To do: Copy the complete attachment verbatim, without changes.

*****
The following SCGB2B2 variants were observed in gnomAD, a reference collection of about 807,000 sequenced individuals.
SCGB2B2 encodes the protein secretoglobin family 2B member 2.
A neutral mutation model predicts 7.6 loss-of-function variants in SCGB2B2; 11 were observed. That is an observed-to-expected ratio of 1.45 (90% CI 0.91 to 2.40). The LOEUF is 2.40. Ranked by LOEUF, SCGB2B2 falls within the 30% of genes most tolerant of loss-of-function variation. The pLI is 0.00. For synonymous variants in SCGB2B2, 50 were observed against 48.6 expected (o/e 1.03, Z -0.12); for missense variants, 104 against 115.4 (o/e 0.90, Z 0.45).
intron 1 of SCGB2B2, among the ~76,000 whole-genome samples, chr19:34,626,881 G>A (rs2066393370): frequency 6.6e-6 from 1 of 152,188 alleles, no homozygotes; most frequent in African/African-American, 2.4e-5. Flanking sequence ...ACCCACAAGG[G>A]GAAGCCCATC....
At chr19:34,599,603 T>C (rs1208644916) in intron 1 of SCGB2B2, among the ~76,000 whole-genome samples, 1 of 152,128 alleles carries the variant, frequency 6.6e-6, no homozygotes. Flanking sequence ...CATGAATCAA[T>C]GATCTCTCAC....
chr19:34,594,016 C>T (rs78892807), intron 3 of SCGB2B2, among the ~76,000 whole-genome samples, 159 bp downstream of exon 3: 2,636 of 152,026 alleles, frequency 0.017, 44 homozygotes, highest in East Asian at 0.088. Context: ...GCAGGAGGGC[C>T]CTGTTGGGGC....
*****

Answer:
The following SCGB2B2 variants were observed in gnomAD, a reference collection of about 807,000 sequenced individuals.
SCGB2B2 encodes the protein secretoglobin family 2B member 2.
A neutral mutation model predicts 7.6 loss-of-function variants in SCGB2B2; 11 were observed. That is an observed-to-expected ratio of 1.45 (90% CI 0.91 to 2.40). The LOEUF is 2.40. Ranked by LOEUF, SCGB2B2 falls within the 30% of genes most tolerant of loss-of-function variation. The pLI is 0.00. For synonymous variants in SCGB2B2, 50 were observed against 48.6 expected (o/e 1.03, Z -0.12); for missense variants, 104 against 115.4 (o/e 0.90, Z 0.45).
intron 1 of SCGB2B2, among the ~76,000 whole-genome samples, chr19:34,626,881 G>A (rs2066393370): frequency 6.6e-6 from 1 of 152,188 alleles, no homozygotes; most frequent in African/African-American, 2.4e-5. Flanking sequence ...ACCCACAAGG[G>A]GAAGCCCATC....
At chr19:34,599,603 T>C (rs1208644916) in intron 1 of SCGB2B2, among the ~76,000 whole-genome samples, 1 of 152,128 alleles carries the variant, frequency 6.6e-6, no homozygotes. Flanking sequence ...CATGAATCAA[T>C]GATCTCTCAC....
chr19:34,594,016 C>T (rs78892807), intron 3 of SCGB2B2, among the ~76,000 whole-genome samples, 159 bp downstream of exon 3: 2,636 of 152,026 alleles, frequency 0.017, 44 homozygotes, highest in East Asian at 0.088. Context: ...GCAGGAGGGC[C>T]CTGTTGGGGC....